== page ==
Gen. No. 9,191.
Opinion filed October 19, 1939. Rehearing denied February 27, 1940.
1. EVIDENCE, § 5 — judicial notice, inflammability of gasoline. It is common knowledge that an open flame should not be allowed where gasoline is being exposed to air, because the vapor mixed with oxygen is very inflammable, especially at high temperatures.
See Callaghan's Illinois Digest, same topic and section number.
2. EXPLOSIVES AND COMBUSTIBLES, § 2fn_ — duties concerning. Where gasoline was being unloaded from tank truck in a closed shed in presence of lighted lantern, a dangerous instrument was being handled, and the degree of care exercised by those handling it should have been commensurate with the danger.
3. NEGLIGENCE, § 108fn_ — wanton, as jury question. Whether a personal injury has been inflicted wilfully or wantonly is a question of fact for the jury, if there is evidence to support the allegation.
4. DIRECTING VERDICT AND DEMURRERS TO EVIDENCE, § 33fn_ — when denied. Motion for directed verdict should be denied if, when evidence is considered with all reasonable inferences drawn from it in its aspect most favorable to party against whom motion is directed, there is evidence to support all the necessary elements of the case.
5. NEGLIGENCE, § 10fn_ — wanton, ill-will unnecessary. Ill-will is not a necessary element of a wanton act.
6. NEGLIGENCE, § 10fn_ — wanton, elements of. To constitute a wanton act the party doing the act or failing to act must be conscious of his conduct, and, though having no intent to injure, must be conscious from his knowledge of the surrounding circumstances and conditions that his conduct will naturally and probably result in injury.
7. NEGLIGENCE, § 10fn_ — constructive wilfulness, elements of. An intentional disregard of a known duty necessary to the safety of the person or property of another, and an entire absence of care for the life, person or property of others such as exhibits a conscious indifference to consequences, makes a case of constructive or legal wilfulness.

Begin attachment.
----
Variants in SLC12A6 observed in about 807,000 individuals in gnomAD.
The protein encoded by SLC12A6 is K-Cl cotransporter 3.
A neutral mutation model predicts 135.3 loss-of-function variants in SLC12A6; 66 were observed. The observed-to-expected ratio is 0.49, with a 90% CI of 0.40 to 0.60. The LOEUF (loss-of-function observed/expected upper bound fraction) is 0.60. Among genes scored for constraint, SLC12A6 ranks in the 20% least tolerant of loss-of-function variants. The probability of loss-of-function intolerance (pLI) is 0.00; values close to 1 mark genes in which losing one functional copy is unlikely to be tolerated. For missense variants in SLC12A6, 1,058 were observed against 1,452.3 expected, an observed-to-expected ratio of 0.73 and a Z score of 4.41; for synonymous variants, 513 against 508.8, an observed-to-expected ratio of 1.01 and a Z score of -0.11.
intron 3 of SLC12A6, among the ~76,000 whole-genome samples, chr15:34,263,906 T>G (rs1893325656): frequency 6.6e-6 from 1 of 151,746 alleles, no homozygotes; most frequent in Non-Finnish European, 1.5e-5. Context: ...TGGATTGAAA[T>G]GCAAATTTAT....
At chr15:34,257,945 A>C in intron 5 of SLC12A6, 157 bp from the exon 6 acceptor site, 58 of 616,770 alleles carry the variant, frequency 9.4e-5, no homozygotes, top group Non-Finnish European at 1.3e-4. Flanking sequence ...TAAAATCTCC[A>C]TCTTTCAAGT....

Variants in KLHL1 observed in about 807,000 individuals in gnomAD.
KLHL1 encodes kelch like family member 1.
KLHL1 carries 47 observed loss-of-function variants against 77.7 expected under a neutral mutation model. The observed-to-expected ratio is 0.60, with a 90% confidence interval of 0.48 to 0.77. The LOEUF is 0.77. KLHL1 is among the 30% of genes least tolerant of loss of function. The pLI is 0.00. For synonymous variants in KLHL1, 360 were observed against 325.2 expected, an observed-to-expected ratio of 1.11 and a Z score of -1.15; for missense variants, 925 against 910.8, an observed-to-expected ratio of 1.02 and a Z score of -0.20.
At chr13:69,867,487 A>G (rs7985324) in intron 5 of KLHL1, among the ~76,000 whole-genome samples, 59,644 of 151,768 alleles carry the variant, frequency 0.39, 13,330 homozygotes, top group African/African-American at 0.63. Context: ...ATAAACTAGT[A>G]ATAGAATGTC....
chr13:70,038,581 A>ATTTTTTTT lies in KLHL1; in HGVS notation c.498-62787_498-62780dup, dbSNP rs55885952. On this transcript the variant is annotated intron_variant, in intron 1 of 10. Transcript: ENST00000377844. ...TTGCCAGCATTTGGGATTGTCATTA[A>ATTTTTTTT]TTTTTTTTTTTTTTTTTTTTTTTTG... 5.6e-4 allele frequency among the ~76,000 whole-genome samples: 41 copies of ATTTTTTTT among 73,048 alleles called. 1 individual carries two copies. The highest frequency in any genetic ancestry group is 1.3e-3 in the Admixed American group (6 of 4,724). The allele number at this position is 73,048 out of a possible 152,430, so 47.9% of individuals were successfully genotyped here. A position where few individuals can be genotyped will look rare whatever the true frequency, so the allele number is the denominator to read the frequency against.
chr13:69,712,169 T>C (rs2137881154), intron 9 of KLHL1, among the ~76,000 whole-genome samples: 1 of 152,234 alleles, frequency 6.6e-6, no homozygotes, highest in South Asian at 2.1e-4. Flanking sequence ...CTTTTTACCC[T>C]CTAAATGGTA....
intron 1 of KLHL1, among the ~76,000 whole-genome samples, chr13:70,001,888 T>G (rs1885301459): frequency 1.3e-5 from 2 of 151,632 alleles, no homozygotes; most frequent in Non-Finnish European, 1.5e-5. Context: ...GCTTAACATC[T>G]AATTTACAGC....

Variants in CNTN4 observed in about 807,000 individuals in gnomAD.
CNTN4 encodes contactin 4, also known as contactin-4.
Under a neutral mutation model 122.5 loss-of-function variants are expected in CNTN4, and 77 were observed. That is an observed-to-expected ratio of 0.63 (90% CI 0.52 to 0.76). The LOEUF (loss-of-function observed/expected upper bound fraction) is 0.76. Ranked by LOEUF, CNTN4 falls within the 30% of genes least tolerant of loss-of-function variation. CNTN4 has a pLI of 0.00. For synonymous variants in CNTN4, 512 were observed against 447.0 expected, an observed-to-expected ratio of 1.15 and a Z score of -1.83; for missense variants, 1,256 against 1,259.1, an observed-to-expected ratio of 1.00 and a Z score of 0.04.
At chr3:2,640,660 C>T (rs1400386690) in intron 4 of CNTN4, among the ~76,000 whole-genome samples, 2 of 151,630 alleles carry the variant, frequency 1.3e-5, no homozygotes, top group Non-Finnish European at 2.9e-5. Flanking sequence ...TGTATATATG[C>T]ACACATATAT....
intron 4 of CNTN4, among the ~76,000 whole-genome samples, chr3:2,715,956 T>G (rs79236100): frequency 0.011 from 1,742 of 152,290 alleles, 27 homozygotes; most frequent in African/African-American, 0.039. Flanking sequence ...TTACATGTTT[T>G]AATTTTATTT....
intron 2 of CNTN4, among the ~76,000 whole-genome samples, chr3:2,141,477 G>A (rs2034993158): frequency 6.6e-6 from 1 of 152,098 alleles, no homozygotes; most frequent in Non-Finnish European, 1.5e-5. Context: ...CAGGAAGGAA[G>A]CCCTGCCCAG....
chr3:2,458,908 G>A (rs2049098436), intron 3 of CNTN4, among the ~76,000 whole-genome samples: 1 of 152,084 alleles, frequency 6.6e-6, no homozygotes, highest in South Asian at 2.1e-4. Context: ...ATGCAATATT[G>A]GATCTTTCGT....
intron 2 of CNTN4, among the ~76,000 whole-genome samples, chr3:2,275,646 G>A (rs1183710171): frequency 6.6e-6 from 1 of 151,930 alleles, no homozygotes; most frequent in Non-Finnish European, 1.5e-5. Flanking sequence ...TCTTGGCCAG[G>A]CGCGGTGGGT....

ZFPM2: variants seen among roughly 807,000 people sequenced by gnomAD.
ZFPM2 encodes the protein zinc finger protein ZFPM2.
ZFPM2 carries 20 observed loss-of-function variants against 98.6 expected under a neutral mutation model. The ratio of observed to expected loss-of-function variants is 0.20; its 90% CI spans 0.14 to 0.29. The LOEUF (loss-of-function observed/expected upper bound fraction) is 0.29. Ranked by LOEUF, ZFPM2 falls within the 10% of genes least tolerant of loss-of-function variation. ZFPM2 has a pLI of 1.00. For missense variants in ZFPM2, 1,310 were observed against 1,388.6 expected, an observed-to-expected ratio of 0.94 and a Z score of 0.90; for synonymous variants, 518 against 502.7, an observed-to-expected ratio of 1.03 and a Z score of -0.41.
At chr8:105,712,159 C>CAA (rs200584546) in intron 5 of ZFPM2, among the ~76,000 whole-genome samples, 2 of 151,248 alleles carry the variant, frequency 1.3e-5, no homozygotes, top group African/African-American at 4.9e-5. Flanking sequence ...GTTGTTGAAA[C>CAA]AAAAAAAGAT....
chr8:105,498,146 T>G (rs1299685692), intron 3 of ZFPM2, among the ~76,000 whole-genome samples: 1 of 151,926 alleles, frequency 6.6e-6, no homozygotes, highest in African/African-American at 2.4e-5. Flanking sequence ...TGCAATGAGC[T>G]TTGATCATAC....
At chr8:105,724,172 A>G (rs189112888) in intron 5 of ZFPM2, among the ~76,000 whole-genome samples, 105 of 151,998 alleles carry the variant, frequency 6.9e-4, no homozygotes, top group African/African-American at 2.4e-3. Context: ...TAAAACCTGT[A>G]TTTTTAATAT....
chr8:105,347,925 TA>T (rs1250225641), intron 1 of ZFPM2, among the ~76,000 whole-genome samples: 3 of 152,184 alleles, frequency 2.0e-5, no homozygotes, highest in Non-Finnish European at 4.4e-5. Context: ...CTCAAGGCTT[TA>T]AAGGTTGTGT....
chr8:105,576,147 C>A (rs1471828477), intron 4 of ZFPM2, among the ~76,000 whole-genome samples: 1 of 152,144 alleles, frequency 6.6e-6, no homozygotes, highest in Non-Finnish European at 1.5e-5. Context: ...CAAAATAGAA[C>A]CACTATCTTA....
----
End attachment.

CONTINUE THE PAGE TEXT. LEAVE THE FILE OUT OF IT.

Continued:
8. EXPLOSIVES AND COMBUSTIBLES, § 4fn_ — constructive wilfulness in handling gasoline, sufficiency of evidence. Evidence made a case of constructive or legal wilfulness, where plaintiff was assisting defendant's truck driver in unloading gasoline in a closed shed, plaintiff had directed that a lighted lantern be removed from the shed and thought that it had been removed, although it was merely placed at the end of the shed, plaintiff's position in pouring gasoline precluded him from observing the lantern, but the driver was facing the lantern, he knew that it had not been removed, and he neither advised plaintiff of such fact nor stopped drawing gasoline from the truck tank until an explosion occurred which resulted in severe burns to plaintiff.
9. EXPLOSIVES AND COMBUSTIBLES, § 4fn_ — wanton negligence of plaintiff, as jury question. Where plaintiff was assisting driver of defendant's truck in unloading gasoline in a closed shed, he had directed that a lighted lantern be removed and assumed that it had been done, his work in pouring the gasoline forced him to have his back to the lantern at the end of the shed, although driver was facing the lantern and was aware of its presence, it could not be said as a matter of law that both men were equally guilty of wanton conduct, but plaintiff's conduct was properly submitted to jury, in action for burns suffered as result of explosion.